Monday, FL Representative Alex Rizo (Republican-Hialeah) filed House Bill 11 “Impeding, Provoking, or Harassing Law Enforcement Officers.” The law prohibits approaching a law enforcement officer or remaining within 30 feet of an officer with specified intent after receiving warning not to approach. Anyone in violation of the law would be charged with a second-degree misdemeanor, which could include taking cellphone video of officers if they believe that it is interfering with their duty.
Under the parameters of this law, each citizen present in the now infamous cell phone video of the murder of George Floyd, could have all been arrested and jailed doing exactly what they did. At one point in the video (4:28 mark), former officer Derick Chauvin pulled out a can of mace to threaten the bystanders to back up. Once it became obvious that Floyd was probably dead, officers became more aggressive repeatedly telling the bystanders to back off. All of their actions would be arrestable offenses under this new bill.
According to the bill, the following are a list of actions of intent that would constitute a violation in relation to an officer performing his duties:
- Interrupting the officer
- Disrupting the officer
- Hindering the officer
- Impeding the officer
- Interfere with the officer’s ability to perform their duty
- Provoke a physical response from the officer
- Directly or indirectly harass the officer
If the officer interprets an individuals actions as any of the above, they would face a second-degree misdemeanor charge, be fined $500, and could be jailed for up to 60 days.
Below is one video that went viral of a Vallejo officer’s interpretation of “interfering” when he arrests, and assaults a Marine Corps veteran for filming a traffic stop from his own front porch.
Arguably the most problematic term in the list of actions that would warrant an arrest, is the term “interrupting.” An officer could legally interpret a bystanders action of inquiring what he is doing, or why he is doing it as “interrupting,” and it is up to that officer’s belief at the time whether or not you are interrupting them.
A divided Florida appeals court ruling in May upheld the arrest of a woman who filmed officers outside a movie theater arresting her teenage son for sneaking into a movie.
Officers had the authority to arrest a young mother named Tasha Ford who recorded them detaining her teenage son in 2009, based on a 2-1 opinion by judges at the 4th District Court of Appeal. This ruling comes under current state law, which is far less restrictive than Rizo’s proposed bill.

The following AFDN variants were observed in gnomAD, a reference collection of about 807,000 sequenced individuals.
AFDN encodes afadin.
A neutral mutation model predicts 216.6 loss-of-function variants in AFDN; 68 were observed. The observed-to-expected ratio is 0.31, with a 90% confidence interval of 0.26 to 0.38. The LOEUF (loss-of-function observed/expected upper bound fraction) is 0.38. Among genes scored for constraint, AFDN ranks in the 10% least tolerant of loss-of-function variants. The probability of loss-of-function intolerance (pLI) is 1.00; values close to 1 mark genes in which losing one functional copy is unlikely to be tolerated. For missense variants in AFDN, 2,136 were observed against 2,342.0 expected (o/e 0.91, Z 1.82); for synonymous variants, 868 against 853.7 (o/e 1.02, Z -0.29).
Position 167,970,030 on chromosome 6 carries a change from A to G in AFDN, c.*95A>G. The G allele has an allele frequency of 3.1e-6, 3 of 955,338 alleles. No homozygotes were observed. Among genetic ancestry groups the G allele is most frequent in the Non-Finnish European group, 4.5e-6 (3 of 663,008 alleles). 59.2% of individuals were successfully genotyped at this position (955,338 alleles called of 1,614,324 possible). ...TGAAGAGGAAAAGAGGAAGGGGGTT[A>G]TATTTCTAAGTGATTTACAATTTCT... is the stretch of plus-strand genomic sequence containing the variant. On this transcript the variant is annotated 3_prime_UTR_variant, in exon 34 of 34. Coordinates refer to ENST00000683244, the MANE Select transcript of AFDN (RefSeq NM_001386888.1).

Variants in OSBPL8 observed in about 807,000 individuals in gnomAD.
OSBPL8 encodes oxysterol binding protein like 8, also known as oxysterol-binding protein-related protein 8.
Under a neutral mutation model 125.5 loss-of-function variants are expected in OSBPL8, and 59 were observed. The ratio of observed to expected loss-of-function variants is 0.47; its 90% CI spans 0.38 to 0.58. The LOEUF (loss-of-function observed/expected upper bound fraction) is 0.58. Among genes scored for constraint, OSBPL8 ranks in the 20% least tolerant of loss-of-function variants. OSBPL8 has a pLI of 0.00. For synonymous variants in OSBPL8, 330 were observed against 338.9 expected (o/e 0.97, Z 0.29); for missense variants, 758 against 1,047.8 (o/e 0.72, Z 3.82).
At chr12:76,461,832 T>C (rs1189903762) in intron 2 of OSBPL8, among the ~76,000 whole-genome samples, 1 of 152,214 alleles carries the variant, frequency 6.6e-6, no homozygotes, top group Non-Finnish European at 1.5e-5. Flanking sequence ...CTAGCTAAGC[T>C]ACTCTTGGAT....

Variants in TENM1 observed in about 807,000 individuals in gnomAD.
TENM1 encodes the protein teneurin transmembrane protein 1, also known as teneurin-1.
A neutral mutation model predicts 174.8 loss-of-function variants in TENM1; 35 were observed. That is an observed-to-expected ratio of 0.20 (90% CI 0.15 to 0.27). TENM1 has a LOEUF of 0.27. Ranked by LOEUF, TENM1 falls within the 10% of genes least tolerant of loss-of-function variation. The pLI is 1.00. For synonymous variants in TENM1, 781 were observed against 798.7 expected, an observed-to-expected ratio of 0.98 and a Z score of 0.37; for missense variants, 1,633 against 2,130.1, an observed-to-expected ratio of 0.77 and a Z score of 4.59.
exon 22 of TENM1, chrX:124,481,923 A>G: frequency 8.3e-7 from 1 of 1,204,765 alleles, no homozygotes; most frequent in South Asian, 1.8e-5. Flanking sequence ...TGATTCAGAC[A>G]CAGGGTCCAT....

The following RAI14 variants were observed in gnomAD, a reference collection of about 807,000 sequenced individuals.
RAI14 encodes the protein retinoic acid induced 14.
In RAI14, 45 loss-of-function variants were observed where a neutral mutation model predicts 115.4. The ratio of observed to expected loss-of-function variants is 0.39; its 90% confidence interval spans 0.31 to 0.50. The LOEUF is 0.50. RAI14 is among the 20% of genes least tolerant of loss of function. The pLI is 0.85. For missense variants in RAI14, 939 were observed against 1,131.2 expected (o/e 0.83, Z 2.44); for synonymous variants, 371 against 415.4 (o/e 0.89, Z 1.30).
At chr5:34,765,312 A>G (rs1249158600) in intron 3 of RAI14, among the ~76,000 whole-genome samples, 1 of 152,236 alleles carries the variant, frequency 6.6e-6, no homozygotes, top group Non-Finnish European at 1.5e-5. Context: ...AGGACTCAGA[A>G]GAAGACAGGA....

“In short, she obstructed their investigation and processing of her son’s detention — a lawful execution of their duty,” Judges Melanie G. May and Edward L. Artau wrote.
Officers said they gave repeated orders for her to stop using the camera without their permission, as it was interfering with the investigation.
The officer’s attorneys argued that Ford invaded their privacy, justifying the charges of intercepting oral communications and obstruction without violence.
The appellate judges who ruled in favor of the arrest noted that the police had “probable cause” to arrest Ford on the obstruction charge. The State Attorney however, chose not to prosecute the charges but she sued the cops in a false arrest claim. The litigation continued for over a decade, as a trial court judge agreed with the officers and Ford appealed.
Judge Martha C. Warner, in a lengthy dissent, wrote that the mom did nothing wrong and police should have no “reasonable” expectation of privacy in public places.
She also warned that shielding cops from view would mean “everyone who pulls out a cellphone to record an interaction with police, whether as a bystander, a witness, or a suspect, is committing a crime.”
“Given how important cellphone videos have been for police accountability across the nation, I do not believe that society is ready to recognize that the recording of those interactions, which include audio recordings, are somehow subject to the officer’s right of privacy,” Warner said.
“If that were the case, then had the individual who recorded George Floyd saying to the officers ‘I can’t breathe’ been in Florida, he would have been guilty of a crime.”
In Philadelphia, an officer is currently under investigation after his own body camera captured him allegedly deleting cell phone video from a suspect who was recording him during their interaction.
President of the Broward County Police Benevolent Association, Rod Skirvin, said, “I don’t think that there is any problem with recording the police. I think everyone should be able to do that, but I don’t think you should get in their face to do it.”
Bills are being filed in the Florida legislature for the 2022 legislative session, which begins on January 11th. If this bill were to pass, it would potentially go into effect October 2022. A senate companion bill has yet to be filed.
In Brevard County, every law enforcement agency either has, or is in the process of obtaining body cameras for their officers, except for the Brevard County Sheriff’s Office. Sheriff Wayne Ivey has stated his deputies will not be wearing body cameras, citing the privacy of citizens.